China's Phony Island-Building Might Not Work

November 21, 2021 Topic: South China Sea Region: Asia Blog Brand: The Reboot Tags: South China SeaIslandsArtificial-IslandsPLA NavyU.S. Navy

China's Phony Island-Building Might Not Work

The U.N. and China don't see eye to eye on the issue.

 

Here's What You Need to Remember: However, according to the U.N. treaty, 12 miles of water off the shore of an artificial structure—something which does not meet the definition of an island—would not be regarded as an extension of a country's territory, Pentagon officials told The National Interest in a background discussion on the topic.

China has for many years now been building new island-like structures, adding airstrips, and placing weapons in and around highly disputed areas of the South China Sea. 

 

As of several years ago, China had already reclaimed over thousands of acres of the area throughout the region, a phony island-building process caught on video by U.S. Navy Poseidon spy planes years ago. 

Preferring to call them "artificial features" rather than "islands" or "territories," Pentagon officials say China's attempted island and outpost building does not bolster any legitimate territorial claims in the region -- according to established international conventions.

Under the U.N. Convention on the Law of the Sea, an island is defined as a "naturally formed area of land above the water at high tide." Also, article 60 of the U.N. Convention says "artificial islands are not entitled to territorial seas."

According to the U.N. treaty, there are no provisions granting rights to waters without regard to land-based sovereign rights. The U.N. treaty specifies that territorial waters extend for 12 miles off of the coast of sovereign territory. This means that, while other countries have a right to peaceful innocent passage within the 12 miles, the waters are regarded as an extension of the territory of the country, a Pentagon official explained.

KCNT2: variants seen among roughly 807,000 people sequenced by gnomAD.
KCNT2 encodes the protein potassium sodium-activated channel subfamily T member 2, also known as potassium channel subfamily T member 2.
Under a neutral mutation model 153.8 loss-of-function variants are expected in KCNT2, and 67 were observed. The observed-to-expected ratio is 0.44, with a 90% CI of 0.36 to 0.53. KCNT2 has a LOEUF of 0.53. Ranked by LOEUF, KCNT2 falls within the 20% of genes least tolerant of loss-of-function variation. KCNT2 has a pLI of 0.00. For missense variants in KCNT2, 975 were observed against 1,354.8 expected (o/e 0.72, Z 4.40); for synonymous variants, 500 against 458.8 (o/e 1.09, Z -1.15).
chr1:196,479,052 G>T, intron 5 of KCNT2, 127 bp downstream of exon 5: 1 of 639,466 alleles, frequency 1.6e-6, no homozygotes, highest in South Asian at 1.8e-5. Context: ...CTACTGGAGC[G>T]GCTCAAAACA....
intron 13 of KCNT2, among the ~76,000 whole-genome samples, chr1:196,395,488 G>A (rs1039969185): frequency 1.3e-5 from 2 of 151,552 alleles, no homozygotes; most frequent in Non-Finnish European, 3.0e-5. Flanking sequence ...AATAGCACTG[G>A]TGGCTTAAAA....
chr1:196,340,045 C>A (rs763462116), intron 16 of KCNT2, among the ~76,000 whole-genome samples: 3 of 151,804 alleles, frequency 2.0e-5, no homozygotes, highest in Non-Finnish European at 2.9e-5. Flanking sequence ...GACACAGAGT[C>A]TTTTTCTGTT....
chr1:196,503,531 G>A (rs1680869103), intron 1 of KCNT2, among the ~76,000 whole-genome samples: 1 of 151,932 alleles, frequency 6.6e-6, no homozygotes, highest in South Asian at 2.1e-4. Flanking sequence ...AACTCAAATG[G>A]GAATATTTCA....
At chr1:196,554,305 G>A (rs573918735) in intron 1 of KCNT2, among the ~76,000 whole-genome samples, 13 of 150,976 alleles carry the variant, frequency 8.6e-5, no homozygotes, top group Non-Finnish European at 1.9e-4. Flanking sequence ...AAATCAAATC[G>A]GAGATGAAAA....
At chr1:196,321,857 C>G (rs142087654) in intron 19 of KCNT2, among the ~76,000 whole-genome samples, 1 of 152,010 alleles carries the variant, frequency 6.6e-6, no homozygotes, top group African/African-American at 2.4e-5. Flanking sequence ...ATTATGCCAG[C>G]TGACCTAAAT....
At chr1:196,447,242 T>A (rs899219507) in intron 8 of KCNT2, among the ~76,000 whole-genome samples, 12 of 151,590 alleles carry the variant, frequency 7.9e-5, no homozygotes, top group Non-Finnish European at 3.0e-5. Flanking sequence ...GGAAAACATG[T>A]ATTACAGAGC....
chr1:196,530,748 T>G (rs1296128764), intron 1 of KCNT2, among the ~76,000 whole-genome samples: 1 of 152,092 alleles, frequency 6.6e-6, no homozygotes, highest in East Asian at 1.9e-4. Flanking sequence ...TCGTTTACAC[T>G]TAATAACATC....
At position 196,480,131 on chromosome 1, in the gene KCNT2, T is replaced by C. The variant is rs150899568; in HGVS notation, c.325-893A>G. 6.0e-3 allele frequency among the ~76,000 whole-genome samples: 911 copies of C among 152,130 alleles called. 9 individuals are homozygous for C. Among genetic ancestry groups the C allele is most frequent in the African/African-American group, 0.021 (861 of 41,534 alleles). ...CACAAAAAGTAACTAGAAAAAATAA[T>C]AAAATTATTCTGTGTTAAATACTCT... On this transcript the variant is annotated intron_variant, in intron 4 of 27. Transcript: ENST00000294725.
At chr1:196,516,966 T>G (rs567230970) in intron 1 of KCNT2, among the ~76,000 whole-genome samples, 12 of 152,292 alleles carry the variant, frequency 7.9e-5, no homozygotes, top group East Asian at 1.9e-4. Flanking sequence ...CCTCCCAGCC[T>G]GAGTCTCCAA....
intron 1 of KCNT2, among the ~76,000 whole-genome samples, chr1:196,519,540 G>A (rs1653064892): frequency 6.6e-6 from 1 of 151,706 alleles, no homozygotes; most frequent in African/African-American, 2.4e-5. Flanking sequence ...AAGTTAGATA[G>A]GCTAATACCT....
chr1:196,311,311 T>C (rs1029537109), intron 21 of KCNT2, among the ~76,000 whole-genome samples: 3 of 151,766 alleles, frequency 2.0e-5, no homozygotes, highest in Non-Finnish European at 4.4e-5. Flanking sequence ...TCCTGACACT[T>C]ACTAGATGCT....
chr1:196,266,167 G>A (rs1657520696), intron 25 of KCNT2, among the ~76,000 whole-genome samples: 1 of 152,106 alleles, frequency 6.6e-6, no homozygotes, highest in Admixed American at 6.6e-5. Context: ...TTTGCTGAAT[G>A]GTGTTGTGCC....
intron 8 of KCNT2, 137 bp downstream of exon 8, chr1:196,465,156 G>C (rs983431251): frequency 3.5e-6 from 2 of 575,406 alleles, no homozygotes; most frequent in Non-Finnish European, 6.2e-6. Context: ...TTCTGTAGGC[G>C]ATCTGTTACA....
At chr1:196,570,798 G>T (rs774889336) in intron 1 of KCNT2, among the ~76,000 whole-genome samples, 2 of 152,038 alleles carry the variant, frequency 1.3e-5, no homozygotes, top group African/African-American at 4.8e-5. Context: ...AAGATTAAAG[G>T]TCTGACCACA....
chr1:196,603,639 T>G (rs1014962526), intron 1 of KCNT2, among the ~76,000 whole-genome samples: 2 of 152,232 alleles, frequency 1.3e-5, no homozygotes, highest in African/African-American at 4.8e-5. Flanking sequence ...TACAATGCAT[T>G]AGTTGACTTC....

However, according to the U.N. treaty, 12 miles of water off the shore of an artificial structure - something which does not meet the definition of an island-- would not be regarded as an extension of a country's territory, Pentagon officials told The National Interest in a background discussion on the topic. Many countries in the region have claimed or developed outposts in the South China Sea, but nothing compares to the scope and degree of China's activities. Senior Pentagon officials say that in the Spratly Islands, Vietnam has 48 outposts; the Philippines, eight; Malaysia, five; and Taiwan, one. 

The U.N. treaty also specifies that up to 200 miles off the coast of a country is considered part of an economic exclusive zone, or EEZ. This means the host country has exclusive first rights to resources and any economic-related activities. Therefore countries cannot, for instance, fish in the waters of an EEZ or set up an oil-drilling effort without securing the permission of the host country. However, activities within an EEZ that do not relate to economic issues are allowed as part of the freedoms associated with the high seas, Pentagon officials told The National interest. 

It is likely a pretty safe assumption that uncertainties related to the South China Sea are likely to be addressed by the now underway Pentagon China Task Force, as its focus is reported to be grounded upon maintaining stability and freedom of navigation in the region. A Pentagon report citing the start of the task force says the new China Task Force plans to finish its work in about four months and maintain a focus of ensuring stability in the volatile region.  

“At the end, DOD officials want to provide Austin with specific and actionable recommendations and milestones to meet the China challenge. Over the years, there have been many initiatives that addressed growing Chinese provocations in many areas. The secretary wants an assessment of the best ways to defend the international, rules-based order that has kept great-power peace since the end of World War II,” the Pentagon report said. 

Kris Osborn is the defense editor for the National Interest. Osborn previously served at the Pentagon as a Highly Qualified Expert with the Office of the Assistant Secretary of the Army—Acquisition, Logistics & Technology. Osborn has also worked as an anchor and on-air military specialist at national TV networks. He has appeared as a guest military expert on Fox News, MSNBC, The Military Channel, and The History Channel. He also has a Masters Degree in Comparative Literature from Columbia University.

This article was first published earlier this year.

Image: Reuters.